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The Zemach Zedek and the Haskalah Movement

Chapter 8
The Petersburg Rabbinical Conference

In September 1847, Chaikin of the Petersburg Vaad learned that the Ministry of the Interior had appointed a special committee to prepare a Rabbinical conference, to be conducted along lines different from the Commission of 1843. Previously, the Government had chosen delegates, but now the Jews were to elect a number of nominees from the country at large, from whom the Government would select delegates. The final choice would be made by a joint committee of the Ministries of Culture and the Interior. Those selected, plus representatives of the Government, would, constitute the conference. The Minister of the Interior assigned the special committee the following tasks:

  1. preparing the necessary material for the agenda
    1. questions and suggestions on religion
    2. questions on Jewish customs
    3. relations between Jews and their Gentile neighbors
    4. business and economic matters related to religion
    5. business and economic matters related to ethics
  2. specification of the number of nominees
    1. according to population within and outside the Pale of Settlement
    2. according to categories of electors
      1. merchants paying high, medium, and low taxes
      2. householders and storekeepers
      3. artisans and laborers
      4. Rabbis and religious functionaries
      5. professionals, doctors, etc.
  3. list of nominees not to exceed thirty-five
  4. number of chosen delegates not to exceed six
  5. appointment of three officials of the two Ministries, one to be chairman with two votes, the others, his assistants, with one vote each
  6. three delegates to be Academicians, two prominent  Rabbis, one prominent merchant
  7. conference to be held in March or May 1848.

Chaim Massayev, a member of the Petersburg Vaad, visited Count Galitzin with regard to the accusation against one, Berkowitz of Galubovka.1 During their conversation the Count told Massayev that Dr. Neuman and two students of the Academy, Bernstein and Guravitz, sons of wealthy Odessa families, were friendly with Prince Sheremetiev the younger, and had thus been received by Sheremetiev's nephew, Nicolai Grigorevitch Pavlov, the assistant Minister of Culture. They presented Pavlov with a charge, in the name of the Jews of Vohlyn and Lithuania, that the Honored Citizen Tzadik Mendel Shachnovitch Schneersohn and his followers violate His Majesty's order in regard to the law of public school education for Jews, and they circulate the vile rumor that conversion is the intent of the Government.2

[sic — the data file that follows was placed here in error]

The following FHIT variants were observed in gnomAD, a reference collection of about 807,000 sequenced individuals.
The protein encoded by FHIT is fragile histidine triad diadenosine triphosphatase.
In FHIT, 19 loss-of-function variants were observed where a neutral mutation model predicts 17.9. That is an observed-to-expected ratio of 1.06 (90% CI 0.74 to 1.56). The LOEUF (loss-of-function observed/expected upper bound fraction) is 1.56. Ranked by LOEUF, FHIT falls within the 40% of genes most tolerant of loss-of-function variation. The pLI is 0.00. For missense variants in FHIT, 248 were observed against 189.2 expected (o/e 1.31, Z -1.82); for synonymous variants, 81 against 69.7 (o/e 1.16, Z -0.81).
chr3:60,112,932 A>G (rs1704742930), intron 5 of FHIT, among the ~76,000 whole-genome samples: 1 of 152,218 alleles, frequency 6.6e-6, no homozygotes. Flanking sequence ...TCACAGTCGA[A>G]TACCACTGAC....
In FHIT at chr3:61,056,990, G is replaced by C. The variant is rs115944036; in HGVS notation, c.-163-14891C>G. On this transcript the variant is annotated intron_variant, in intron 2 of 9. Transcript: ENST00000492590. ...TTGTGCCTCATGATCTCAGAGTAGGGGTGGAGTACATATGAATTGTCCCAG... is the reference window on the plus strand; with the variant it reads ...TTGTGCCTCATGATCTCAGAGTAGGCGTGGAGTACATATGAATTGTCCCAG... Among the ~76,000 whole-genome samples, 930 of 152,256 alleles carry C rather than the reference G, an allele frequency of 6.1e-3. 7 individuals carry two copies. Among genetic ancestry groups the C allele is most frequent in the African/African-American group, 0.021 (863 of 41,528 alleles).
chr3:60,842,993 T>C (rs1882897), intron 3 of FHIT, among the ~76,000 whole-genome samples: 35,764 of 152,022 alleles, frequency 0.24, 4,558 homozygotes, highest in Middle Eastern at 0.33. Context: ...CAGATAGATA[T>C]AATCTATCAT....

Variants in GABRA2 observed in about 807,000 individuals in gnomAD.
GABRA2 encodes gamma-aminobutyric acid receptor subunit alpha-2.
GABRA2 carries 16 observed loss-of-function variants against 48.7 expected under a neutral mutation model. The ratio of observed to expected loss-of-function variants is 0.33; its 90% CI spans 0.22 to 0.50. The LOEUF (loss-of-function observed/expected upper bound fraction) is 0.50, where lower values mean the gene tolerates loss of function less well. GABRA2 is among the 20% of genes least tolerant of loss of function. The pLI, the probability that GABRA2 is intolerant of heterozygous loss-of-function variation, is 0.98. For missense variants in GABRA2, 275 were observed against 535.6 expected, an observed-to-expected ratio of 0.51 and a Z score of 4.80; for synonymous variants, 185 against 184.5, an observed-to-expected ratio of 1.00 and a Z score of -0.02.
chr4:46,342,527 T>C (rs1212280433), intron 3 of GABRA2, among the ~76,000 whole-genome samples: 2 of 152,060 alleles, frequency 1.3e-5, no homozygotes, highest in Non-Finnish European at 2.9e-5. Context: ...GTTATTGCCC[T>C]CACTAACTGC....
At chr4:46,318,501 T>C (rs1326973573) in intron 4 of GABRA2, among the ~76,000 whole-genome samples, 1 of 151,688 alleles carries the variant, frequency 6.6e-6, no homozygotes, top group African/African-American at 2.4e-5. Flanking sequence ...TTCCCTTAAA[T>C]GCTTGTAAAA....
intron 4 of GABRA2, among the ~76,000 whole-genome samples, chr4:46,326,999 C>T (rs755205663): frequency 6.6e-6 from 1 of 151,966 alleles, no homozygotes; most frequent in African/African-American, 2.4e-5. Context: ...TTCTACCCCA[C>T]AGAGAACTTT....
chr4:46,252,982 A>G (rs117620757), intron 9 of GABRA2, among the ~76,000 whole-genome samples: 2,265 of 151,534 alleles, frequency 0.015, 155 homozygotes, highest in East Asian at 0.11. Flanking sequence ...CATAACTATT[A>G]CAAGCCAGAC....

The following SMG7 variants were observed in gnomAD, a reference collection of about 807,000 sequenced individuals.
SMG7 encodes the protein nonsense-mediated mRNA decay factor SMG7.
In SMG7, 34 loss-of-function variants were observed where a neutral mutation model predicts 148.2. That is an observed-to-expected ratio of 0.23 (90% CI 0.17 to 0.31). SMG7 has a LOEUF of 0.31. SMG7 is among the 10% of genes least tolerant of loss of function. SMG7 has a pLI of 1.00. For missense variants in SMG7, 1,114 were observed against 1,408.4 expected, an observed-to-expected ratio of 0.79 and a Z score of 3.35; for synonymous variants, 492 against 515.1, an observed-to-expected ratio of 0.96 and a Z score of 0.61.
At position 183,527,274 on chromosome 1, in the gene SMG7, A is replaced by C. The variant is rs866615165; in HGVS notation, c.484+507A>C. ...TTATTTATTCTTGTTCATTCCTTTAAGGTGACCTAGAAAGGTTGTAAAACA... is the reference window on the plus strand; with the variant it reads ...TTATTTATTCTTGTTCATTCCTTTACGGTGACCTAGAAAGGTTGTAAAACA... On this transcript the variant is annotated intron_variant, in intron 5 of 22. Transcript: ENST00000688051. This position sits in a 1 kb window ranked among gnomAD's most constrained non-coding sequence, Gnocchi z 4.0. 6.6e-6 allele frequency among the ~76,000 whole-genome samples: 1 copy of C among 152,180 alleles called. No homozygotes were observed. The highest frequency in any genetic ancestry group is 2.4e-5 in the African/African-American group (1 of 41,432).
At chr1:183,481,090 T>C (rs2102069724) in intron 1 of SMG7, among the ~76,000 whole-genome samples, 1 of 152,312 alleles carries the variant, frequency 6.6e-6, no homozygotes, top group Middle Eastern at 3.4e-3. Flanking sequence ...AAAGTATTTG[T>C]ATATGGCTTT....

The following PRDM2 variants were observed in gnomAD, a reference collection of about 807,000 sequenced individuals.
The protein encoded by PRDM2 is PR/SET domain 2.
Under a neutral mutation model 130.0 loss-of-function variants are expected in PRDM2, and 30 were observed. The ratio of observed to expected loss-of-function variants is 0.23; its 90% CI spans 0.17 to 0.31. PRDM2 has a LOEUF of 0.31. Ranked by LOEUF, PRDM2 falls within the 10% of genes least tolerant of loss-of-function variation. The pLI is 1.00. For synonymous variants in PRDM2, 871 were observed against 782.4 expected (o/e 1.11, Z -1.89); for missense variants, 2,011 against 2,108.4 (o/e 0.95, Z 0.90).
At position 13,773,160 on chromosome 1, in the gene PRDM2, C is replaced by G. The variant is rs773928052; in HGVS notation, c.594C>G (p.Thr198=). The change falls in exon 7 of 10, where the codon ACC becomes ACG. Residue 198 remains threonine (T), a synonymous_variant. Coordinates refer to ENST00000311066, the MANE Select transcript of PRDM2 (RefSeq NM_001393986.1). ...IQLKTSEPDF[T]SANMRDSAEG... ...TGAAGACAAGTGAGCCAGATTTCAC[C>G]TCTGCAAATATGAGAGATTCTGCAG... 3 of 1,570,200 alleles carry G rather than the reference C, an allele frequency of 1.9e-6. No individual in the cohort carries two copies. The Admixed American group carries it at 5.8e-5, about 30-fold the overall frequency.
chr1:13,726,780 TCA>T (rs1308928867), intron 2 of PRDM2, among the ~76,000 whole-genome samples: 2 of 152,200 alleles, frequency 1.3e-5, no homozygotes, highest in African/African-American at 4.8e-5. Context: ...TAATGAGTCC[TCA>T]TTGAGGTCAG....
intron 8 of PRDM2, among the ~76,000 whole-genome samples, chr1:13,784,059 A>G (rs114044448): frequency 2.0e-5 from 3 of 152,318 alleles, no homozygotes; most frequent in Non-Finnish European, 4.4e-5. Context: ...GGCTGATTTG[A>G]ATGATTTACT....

1 Galubovka was one of Galitzin's estates in the Brisk region. Berkovitz dwelt in the village where he had a garden and a large vineyard. His priest neighbor coveted this property. Berkovitz offered several times to sell at any price determined by the villagers; but his neighbor insisted on receiving the land as an outright gift. For two years he constantly slandered Berkovitz and his family, but the villagers invariably defended him. When the Count learned of the affair, he warned the priest to desist in the future, or the Archbishop would be informed. It happened that some shoes and clothing were stolen from the military arsenal in Brisk. The priest conspired with the thieves to bury part of the loot in Berkovitz's garden, and then he accused the Jew of the robbery. Berkovitz and his sons, Yerucham and Elia Nachum, were arrested. Massayev persuaded the Count to conduct a secret investigation. In three months Berkovitz was cleared.

2 In fact, Sheremetiev, Uvarov's successor as Minister of Culture, did disclose Uvarov's intentions of eradicating the Jewish religion and customs. - Trans.

When the Rabbi learned of these developments, he called his trusted workers to confer on:

  1. preparations for the impending Rabbinical Conference
  2. the charges of Dr. Neuman and the students
  3. developing a clandestine and systematic program of action throughout the country.

The meeting took place shortly afterward, and a program was developed:

  1. with the announcement of election of nominees, start a vigorous and relentless campaign against choosing Maskilim and irreligious people: elect laymen rather than Rabbis
  2. circulate letters and pamphlets exposing the nature of the Maskilim as informers clamoring at the doors of the -- Ministry of the Interior, to abolish Jewish religious customs and to impose special taxes on observant Jews; they urge the Ministry of Culture to inaugurate compulsory public school training for Jewish children; they are preparing an abridged Chumash and translated Siddur